Google’s Tough Choice On How To Warn The World About Super Bugs

By Mark Sullivan

The job of the white-hat security researchers in Google’s Project Zero group is to break things. And they broke something very big when then discovered major security vulnerabilities in modern processors used in virtually any computing device manufactured in the last 20 years. The vulnerabilities leave Intel processors (and to a lesser extend ARM-based processors) open to attack from two exploits known as Meltdown and Spectre.


Meltdown and Spectre have the ability to penetrate the layers of apps and other software that sit between a machine’s user interface and its processor to let an intruder access sensitive data such as keystrokes, passwords, and all manner of personal and financial data. It’s scary stuff.

When Google’s Project Zero researchers discovered the vulnerabilities, and proved that they could be used as attack vectors, they found themselves in possession of some potentially dangerous information. And they faced a tough decision: How should they get the exploit information into the hands of people who could use it for the greatest good—such as providers of processors, operating systems, and cloud platforms—while preventing it from inadvertently falling into the hands of criminal elements who might use it maliciously?

Google ultimately decided to show its proof-of-concept data to a small group of key constituents. The researchers notified Intel first, to give it a head start on protecting its processors. Intel developed new security patches and is distributing them to computer makers that use its chips.

In a statement on Thursday, Intel declared that it “has developed and is rapidly issuing updates for all types of Intel-based computer systems—including personal computers and servers—that render those systems immune from both exploits (referred to as “Spectre” and “Meltdown”) reported by Google Project Zero.”

Amazon and Microsoft—and Google itself—have been using Project Zero’s research to create and issue patches for their cloud service servers, which are used by businesses small and large. The companies said in statements Wednesday they’re close to patching up all vulnerabilities.

Before giving these companies a heads-up, Google required them to sign non-disclosure agreements, preventing them from sharing data about the vulnerability—still undisclosed to the rest of us—with any third party. But there’s still a distinct danger that the proof of concept could be leaked to the public (and to hackers) before the service providers have a chance to completely patch up the vulnerabilities.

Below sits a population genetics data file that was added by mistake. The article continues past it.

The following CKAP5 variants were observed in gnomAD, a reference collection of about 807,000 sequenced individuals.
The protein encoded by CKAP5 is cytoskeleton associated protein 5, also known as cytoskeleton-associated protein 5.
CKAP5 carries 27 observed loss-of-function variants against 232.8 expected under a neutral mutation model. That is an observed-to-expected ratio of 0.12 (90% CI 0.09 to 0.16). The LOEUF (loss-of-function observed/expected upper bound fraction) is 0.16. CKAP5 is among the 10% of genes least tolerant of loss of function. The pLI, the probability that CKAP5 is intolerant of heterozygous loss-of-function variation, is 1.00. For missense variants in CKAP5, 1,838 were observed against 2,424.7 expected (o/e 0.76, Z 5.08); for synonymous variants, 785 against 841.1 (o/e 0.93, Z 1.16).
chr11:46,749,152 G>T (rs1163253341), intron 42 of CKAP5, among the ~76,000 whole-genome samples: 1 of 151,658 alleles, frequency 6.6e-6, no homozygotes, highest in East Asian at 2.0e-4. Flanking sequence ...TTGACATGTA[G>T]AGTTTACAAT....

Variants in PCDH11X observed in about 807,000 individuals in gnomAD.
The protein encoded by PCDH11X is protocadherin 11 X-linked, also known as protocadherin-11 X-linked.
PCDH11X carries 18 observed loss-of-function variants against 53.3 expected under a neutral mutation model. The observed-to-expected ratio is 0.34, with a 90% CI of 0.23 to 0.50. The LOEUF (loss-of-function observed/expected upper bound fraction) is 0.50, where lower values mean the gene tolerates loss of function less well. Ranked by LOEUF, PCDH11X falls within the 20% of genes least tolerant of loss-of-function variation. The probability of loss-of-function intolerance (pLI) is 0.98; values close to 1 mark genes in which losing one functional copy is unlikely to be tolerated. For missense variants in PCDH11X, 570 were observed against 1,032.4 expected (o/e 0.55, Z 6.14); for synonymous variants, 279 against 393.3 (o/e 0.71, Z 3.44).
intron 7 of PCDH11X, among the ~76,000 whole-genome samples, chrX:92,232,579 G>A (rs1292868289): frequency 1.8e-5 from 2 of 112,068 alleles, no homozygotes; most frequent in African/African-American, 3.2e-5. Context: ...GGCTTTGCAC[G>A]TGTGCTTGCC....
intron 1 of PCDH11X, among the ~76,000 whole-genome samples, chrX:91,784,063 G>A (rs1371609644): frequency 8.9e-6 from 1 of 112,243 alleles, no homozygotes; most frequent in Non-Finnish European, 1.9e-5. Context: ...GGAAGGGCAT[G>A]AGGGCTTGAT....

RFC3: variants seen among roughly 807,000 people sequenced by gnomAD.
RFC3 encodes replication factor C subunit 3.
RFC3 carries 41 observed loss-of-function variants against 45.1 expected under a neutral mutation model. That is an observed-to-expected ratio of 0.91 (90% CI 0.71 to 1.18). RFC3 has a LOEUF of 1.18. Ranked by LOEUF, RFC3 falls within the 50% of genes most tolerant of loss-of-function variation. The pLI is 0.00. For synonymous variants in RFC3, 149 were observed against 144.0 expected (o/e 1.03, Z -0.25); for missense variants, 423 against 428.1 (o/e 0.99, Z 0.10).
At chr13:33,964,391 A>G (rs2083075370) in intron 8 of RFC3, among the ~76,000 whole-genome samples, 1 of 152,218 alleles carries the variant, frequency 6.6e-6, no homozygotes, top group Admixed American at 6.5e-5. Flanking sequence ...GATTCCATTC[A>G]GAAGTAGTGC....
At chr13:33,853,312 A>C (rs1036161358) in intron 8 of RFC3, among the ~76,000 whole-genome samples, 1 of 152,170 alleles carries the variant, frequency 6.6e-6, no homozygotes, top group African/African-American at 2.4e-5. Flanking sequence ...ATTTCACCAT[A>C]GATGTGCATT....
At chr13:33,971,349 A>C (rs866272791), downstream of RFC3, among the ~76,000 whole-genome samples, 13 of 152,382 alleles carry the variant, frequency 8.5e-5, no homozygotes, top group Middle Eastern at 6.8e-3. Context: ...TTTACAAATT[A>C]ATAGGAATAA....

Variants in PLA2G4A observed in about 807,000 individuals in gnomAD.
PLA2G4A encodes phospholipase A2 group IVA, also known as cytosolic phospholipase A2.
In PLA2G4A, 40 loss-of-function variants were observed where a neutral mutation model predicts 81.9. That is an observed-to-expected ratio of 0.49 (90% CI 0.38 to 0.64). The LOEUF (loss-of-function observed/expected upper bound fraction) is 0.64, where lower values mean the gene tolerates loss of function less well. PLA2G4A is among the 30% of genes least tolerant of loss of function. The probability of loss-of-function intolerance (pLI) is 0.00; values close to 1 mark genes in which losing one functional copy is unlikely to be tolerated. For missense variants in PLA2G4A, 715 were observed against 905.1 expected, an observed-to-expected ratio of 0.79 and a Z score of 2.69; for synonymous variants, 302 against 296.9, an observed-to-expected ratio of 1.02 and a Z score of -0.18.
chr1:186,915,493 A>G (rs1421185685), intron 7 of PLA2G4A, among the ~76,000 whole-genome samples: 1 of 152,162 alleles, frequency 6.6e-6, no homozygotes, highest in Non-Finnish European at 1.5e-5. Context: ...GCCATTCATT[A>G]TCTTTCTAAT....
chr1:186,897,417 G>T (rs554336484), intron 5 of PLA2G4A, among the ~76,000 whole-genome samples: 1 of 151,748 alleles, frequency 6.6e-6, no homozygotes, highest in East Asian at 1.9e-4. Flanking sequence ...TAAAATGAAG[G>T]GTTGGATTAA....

Notfiying The Little Guys

What about all the other small- and medium-size software and service providers that face the same security threat but were not provided with Google’s proof of concept information? The major service providers Google contacted are responsible for less than half of the web traffic that could be affected by Meltdown or Spectre, points out Cooper Levenson cyberlaw attorney Peter Fu. The rest of the traffic is wrangled by smaller providers.

The fact is that Google’s NDA expires January 9 and has already leaked to the public, and the hackers will no doubt be ready and waiting for the exploit data to be released. Fu says this will leave many smaller software providers scrambling to get security patches out before hackers can strike.

But that may be a necessary consequence of Google’s strategy. “Google was caught in an impossible situation,” Fu said. “I’m starting to respect what they chose to do.”

“If they released the data to too many people, then the bad guys get the info and Google is held responsible for any early [hacks],” Fu said. “If they don’t give it to enough people, they look like they are playing favorites and exercising monopoly powers.”

Google did not respond to emails requesting comment for this story.

Fu said the federal government should have played a big role in the situation, but did not. “This is an area where the federal government should step in and provide a playbook,” Fu said. Fu said U.S.-CERT (the United States Computer Emergency Readiness Team, part of the Department of Homeland Security) is supposed to take charge of this type of potentially catastrophic security vulnerability.


The fact that Google’s first calls after the Zero team’s discovery were to large, private-sector tech companies, and not to the government, suggests that U.S.-CERT was not prepared to respond and coordinate a large-scale response. Had it done so, Fu says, Intel and Amazon and the others would still likely to have been provided with the exploit data but would have been held to secrecy by a federal order, not an NDA from Google.




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